- The Washington Times - Thursday, July 12, 2007

President Bush yesterday cut the ribbon on a newly renovated White House briefing room, 11 months and $8 million after a dubious press corps was moved across the street.

“We missed you,” Mr. Bush said. “Sort of.”

Mr. Bush arrived with first lady Laura Bush and press secretary Tony Snow to address a room filled with reporters, White House staff, and members of the engineering and construction crew who worked on the renovation.

“The relationship between the president and the press is a unique relationship, and it’s a necessary relationship,” Mr. Bush said. “I enjoy it. I hope you do.”

The room was so packed that only one reporter from each news institution was admitted, and even some former White House spokesmen could not score invitations to the event.

Mr. Bush went to great lengths to avoid taking questions from the press. Martha Raddatz of ABC News tried to ask the president a question near the end of his remarks, and Mr. Bush, looking perturbed, joked his way out of it.

“Maybe some other time. … Let me cut the ribbon, and then why don’t you all yell simultaneously,” Mr. Bush said to laughter.

The president did not use a line that was originally part of his brief remarks to a packed pressroom.

“Theres no truth to the rumor some of those new seats can be ejected by pressing a button at Tony’s podium,” Mr. Bush’s prepared remarks read.

That line — crossed out with black marker — was caught by a White House photographer who ventured out from behind the podium to take a picture before the president took the stage.

Mr. Bush said he knew there was a need to give the pressroom a makeover when he couldn’t conduct a briefing “without losing 20 pounds” from the excessive heat.

President Reagan converted the press lounge into an official briefing room in 1981. Since then, the explosive growth of TV news contributed to a massive buildup of electrical equipment and bright lights.

The heat overwhelmed the room’s 36-year-old air conditioners, and the press working areas were cramped, dirty and run-down.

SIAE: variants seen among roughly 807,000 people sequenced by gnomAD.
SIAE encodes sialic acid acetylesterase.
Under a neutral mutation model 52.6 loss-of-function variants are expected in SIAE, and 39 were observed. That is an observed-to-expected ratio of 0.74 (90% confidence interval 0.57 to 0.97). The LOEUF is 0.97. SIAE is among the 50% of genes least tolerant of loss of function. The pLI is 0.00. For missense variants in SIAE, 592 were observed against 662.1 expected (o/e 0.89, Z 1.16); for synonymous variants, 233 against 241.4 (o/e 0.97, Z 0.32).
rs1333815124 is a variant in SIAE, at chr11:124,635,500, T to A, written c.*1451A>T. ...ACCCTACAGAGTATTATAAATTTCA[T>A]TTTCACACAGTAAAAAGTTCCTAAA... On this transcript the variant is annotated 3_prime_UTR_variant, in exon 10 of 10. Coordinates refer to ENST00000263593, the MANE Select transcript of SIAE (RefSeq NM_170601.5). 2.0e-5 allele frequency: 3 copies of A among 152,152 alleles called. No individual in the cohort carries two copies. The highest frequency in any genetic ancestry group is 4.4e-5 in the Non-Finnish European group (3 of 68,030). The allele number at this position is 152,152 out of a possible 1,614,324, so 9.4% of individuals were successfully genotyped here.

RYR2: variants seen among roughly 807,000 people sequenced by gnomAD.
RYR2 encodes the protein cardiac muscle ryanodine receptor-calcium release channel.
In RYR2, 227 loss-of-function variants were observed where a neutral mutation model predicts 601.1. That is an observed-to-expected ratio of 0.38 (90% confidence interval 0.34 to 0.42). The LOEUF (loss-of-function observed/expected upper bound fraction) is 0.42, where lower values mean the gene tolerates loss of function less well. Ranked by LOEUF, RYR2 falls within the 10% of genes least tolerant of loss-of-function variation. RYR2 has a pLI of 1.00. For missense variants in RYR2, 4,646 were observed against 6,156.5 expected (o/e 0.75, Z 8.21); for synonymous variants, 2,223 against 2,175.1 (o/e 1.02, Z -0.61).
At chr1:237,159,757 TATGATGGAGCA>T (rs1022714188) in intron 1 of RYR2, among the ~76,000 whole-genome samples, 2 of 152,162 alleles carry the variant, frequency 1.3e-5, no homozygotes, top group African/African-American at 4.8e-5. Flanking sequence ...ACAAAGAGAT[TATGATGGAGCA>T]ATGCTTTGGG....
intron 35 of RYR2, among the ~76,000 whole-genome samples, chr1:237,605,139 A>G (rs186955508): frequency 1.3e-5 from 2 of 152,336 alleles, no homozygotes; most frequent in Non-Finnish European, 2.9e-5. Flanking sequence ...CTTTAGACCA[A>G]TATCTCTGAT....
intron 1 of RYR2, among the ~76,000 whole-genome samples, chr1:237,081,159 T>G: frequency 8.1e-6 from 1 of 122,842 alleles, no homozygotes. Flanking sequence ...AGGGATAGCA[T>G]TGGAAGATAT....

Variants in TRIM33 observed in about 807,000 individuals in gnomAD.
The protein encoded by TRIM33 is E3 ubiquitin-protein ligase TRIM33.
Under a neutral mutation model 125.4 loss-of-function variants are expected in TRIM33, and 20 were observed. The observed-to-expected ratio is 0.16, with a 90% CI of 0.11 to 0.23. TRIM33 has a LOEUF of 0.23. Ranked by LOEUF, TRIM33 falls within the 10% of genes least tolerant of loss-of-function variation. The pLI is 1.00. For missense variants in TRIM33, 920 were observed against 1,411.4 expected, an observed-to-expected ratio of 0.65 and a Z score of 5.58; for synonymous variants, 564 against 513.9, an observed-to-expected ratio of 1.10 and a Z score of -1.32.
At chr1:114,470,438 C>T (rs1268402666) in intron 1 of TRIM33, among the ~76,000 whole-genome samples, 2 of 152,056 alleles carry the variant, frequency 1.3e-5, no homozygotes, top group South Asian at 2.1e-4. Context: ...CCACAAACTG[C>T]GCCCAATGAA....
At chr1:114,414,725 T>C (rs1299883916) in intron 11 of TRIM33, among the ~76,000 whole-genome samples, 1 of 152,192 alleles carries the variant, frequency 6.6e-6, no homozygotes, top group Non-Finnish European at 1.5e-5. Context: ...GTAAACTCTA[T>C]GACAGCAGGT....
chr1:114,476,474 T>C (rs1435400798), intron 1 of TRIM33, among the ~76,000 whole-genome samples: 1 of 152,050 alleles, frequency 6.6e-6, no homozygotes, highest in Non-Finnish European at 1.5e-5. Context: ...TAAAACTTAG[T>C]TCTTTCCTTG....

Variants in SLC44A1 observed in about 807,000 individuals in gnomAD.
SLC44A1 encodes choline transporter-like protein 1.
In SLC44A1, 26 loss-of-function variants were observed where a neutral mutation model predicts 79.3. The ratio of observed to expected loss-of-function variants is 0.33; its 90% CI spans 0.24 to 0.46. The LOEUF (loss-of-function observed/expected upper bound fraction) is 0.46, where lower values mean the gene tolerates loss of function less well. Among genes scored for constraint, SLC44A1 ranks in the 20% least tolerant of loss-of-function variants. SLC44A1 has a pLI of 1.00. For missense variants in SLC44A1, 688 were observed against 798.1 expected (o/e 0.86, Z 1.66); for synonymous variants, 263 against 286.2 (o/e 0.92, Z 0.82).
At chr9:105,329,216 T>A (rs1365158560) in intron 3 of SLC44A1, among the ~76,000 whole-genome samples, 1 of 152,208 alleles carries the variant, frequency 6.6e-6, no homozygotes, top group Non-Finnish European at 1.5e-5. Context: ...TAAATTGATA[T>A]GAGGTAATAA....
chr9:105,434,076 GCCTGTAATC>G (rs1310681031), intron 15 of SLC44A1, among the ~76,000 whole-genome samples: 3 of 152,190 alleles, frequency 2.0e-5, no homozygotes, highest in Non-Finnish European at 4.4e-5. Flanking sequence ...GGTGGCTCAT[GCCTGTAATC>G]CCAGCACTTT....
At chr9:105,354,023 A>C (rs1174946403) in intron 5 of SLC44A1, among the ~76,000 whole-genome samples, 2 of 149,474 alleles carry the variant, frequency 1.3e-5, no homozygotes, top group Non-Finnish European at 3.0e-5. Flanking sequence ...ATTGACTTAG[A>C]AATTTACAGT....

“The fact that you were working in substandard conditions just wasn’t right,” Mr. Bush said.

Some in the press corps doubted whether they would ever be allowed back into the White House. During construction, the press corps occupied temporary quarters across the street.

Steve Scully, president of the White House Correspondents’ Association, said, “Nowhere else is there a working press office this close to a head of state.”

White House Deputy Chief of Staff Joe Hagin oversaw the installation of 64-ton cooling-capacity air-conditioning units, which were placed in the pool below the briefing room, and of close to 50 “low-energy, low-heat light-emitting diodes,” for TV lighting.

The empty pool, built for and used by President Franklin D. Roosevelt in 1933, was preserved, right down to the original tiles. Yet much of the TV and electrical equipment has been put into the pool to alleviate crowding.

The backdrop behind the podium is state of the art. Frosted glass panels can be rotated to present a large traditional White House logo when the president speaks.

When the press secretary or another administration official speaks, the frosted glass is covered with smaller White House logos, and flat-screen TV screens can be used on either side of the podium.

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